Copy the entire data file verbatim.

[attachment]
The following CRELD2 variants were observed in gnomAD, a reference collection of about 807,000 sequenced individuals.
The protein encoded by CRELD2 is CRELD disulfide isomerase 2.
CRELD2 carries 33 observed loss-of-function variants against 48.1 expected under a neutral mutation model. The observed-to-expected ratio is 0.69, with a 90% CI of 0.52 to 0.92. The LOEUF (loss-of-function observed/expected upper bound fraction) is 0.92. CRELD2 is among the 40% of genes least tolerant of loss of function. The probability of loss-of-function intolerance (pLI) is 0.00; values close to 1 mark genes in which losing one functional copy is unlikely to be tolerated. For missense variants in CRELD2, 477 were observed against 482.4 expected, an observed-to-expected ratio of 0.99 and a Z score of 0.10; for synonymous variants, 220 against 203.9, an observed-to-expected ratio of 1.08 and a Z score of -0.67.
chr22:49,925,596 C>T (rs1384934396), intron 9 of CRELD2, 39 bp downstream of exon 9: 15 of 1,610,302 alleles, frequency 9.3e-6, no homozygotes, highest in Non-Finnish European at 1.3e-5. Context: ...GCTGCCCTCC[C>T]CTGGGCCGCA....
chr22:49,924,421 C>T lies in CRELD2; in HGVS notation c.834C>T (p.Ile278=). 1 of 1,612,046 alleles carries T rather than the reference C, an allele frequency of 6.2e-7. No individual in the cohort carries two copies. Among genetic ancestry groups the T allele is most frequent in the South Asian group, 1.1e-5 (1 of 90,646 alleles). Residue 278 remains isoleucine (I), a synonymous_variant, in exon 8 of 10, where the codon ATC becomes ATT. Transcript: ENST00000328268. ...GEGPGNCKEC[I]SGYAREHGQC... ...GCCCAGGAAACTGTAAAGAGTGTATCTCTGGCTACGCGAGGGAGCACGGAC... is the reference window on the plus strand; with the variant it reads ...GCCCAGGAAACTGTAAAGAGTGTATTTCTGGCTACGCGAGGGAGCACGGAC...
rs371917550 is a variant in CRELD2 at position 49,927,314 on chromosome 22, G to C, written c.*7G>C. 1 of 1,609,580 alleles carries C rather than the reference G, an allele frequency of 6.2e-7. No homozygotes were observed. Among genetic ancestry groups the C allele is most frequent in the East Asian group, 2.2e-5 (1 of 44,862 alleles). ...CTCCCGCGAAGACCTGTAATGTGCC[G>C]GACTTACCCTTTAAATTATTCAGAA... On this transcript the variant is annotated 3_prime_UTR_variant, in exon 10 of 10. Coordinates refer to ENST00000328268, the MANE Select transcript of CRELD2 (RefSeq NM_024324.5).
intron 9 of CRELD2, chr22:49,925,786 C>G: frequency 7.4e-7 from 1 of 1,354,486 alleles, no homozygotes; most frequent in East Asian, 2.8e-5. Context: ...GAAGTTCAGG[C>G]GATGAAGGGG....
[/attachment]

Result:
The following CRELD2 variants were observed in gnomAD, a reference collection of about 807,000 sequenced individuals.
The protein encoded by CRELD2 is CRELD disulfide isomerase 2.
CRELD2 carries 33 observed loss-of-function variants against 48.1 expected under a neutral mutation model. The observed-to-expected ratio is 0.69, with a 90% CI of 0.52 to 0.92. The LOEUF (loss-of-function observed/expected upper bound fraction) is 0.92. CRELD2 is among the 40% of genes least tolerant of loss of function. The probability of loss-of-function intolerance (pLI) is 0.00; values close to 1 mark genes in which losing one functional copy is unlikely to be tolerated. For missense variants in CRELD2, 477 were observed against 482.4 expected, an observed-to-expected ratio of 0.99 and a Z score of 0.10; for synonymous variants, 220 against 203.9, an observed-to-expected ratio of 1.08 and a Z score of -0.67.
chr22:49,925,596 C>T (rs1384934396), intron 9 of CRELD2, 39 bp downstream of exon 9: 15 of 1,610,302 alleles, frequency 9.3e-6, no homozygotes, highest in Non-Finnish European at 1.3e-5. Context: ...GCTGCCCTCC[C>T]CTGGGCCGCA....
chr22:49,924,421 C>T lies in CRELD2; in HGVS notation c.834C>T (p.Ile278=). 1 of 1,612,046 alleles carries T rather than the reference C, an allele frequency of 6.2e-7. No individual in the cohort carries two copies. Among genetic ancestry groups the T allele is most frequent in the South Asian group, 1.1e-5 (1 of 90,646 alleles). Residue 278 remains isoleucine (I), a synonymous_variant, in exon 8 of 10, where the codon ATC becomes ATT. Transcript: ENST00000328268. ...GEGPGNCKEC[I]SGYAREHGQC... ...GCCCAGGAAACTGTAAAGAGTGTATCTCTGGCTACGCGAGGGAGCACGGAC... is the reference window on the plus strand; with the variant it reads ...GCCCAGGAAACTGTAAAGAGTGTATTTCTGGCTACGCGAGGGAGCACGGAC...
rs371917550 is a variant in CRELD2 at position 49,927,314 on chromosome 22, G to C, written c.*7G>C. 1 of 1,609,580 alleles carries C rather than the reference G, an allele frequency of 6.2e-7. No homozygotes were observed. Among genetic ancestry groups the C allele is most frequent in the East Asian group, 2.2e-5 (1 of 44,862 alleles). ...CTCCCGCGAAGACCTGTAATGTGCC[G>C]GACTTACCCTTTAAATTATTCAGAA... On this transcript the variant is annotated 3_prime_UTR_variant, in exon 10 of 10. Coordinates refer to ENST00000328268, the MANE Select transcript of CRELD2 (RefSeq NM_024324.5).
intron 9 of CRELD2, chr22:49,925,786 C>G: frequency 7.4e-7 from 1 of 1,354,486 alleles, no homozygotes; most frequent in East Asian, 2.8e-5. Context: ...GAAGTTCAGG[C>G]GATGAAGGGG....